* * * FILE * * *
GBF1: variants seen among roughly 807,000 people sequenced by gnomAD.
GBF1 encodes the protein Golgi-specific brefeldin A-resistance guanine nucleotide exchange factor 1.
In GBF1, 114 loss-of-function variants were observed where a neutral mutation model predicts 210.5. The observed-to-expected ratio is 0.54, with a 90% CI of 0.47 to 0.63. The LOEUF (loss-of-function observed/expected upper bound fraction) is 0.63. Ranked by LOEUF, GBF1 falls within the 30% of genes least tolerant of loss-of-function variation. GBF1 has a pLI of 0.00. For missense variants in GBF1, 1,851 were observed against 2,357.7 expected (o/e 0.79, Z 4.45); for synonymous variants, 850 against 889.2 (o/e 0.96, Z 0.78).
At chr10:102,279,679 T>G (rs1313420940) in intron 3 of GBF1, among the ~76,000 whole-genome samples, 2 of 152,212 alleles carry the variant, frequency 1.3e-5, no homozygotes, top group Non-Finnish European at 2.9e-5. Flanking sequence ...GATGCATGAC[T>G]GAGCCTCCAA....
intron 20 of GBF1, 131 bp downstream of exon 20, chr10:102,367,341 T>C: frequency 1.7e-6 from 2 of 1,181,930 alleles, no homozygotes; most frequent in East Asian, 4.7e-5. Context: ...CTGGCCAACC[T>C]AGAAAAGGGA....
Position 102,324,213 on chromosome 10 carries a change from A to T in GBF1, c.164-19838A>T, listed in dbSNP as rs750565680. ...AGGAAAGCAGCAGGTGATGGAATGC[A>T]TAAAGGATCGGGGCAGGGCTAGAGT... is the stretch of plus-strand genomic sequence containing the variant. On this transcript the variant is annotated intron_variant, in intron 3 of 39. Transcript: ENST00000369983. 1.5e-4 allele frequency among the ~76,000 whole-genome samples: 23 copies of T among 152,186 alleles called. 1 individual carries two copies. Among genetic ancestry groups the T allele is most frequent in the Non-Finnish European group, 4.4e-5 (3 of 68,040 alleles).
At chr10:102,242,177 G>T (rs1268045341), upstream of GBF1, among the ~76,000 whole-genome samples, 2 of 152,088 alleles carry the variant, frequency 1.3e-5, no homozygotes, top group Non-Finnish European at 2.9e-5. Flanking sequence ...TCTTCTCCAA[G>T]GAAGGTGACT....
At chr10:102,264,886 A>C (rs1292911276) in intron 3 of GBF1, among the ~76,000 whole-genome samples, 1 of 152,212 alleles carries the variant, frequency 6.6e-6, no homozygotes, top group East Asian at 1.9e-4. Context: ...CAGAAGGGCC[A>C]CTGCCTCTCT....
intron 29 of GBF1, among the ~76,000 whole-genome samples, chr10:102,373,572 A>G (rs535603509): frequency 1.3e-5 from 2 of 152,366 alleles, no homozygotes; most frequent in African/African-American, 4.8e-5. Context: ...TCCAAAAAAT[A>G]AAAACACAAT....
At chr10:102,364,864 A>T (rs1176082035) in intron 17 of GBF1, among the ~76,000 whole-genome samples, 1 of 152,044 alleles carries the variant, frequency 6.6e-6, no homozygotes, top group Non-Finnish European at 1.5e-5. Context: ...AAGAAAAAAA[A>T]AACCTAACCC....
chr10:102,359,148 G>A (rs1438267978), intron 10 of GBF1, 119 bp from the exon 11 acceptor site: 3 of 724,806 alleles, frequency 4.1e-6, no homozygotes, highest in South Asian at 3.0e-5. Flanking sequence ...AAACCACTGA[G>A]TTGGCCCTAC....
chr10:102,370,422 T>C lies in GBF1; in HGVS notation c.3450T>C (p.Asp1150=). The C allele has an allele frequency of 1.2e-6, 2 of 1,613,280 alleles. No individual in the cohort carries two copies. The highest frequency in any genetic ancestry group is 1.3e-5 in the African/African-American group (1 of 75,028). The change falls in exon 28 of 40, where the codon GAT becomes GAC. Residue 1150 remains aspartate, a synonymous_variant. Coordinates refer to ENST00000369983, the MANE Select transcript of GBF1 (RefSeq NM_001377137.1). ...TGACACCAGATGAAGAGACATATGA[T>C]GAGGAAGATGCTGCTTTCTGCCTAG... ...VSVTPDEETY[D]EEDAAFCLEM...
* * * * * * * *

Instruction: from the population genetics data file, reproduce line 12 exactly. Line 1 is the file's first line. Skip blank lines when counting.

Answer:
chr10:102,370,422 T>C lies in GBF1; in HGVS notation c.3450T>C (p.Asp1150=). The C allele has an allele frequency of 1.2e-6, 2 of 1,613,280 alleles. No individual in the cohort carries two copies. The highest frequency in any genetic ancestry group is 1.3e-5 in the African/African-American group (1 of 75,028). The change falls in exon 28 of 40, where the codon GAT becomes GAC. Residue 1150 remains aspartate, a synonymous_variant. Coordinates refer to ENST00000369983, the MANE Select transcript of GBF1 (RefSeq NM_001377137.1). ...TGACACCAGATGAAGAGACATATGA[T>C]GAGGAAGATGCTGCTTTCTGCCTAG... ...VSVTPDEETY[D]EEDAAFCLEM...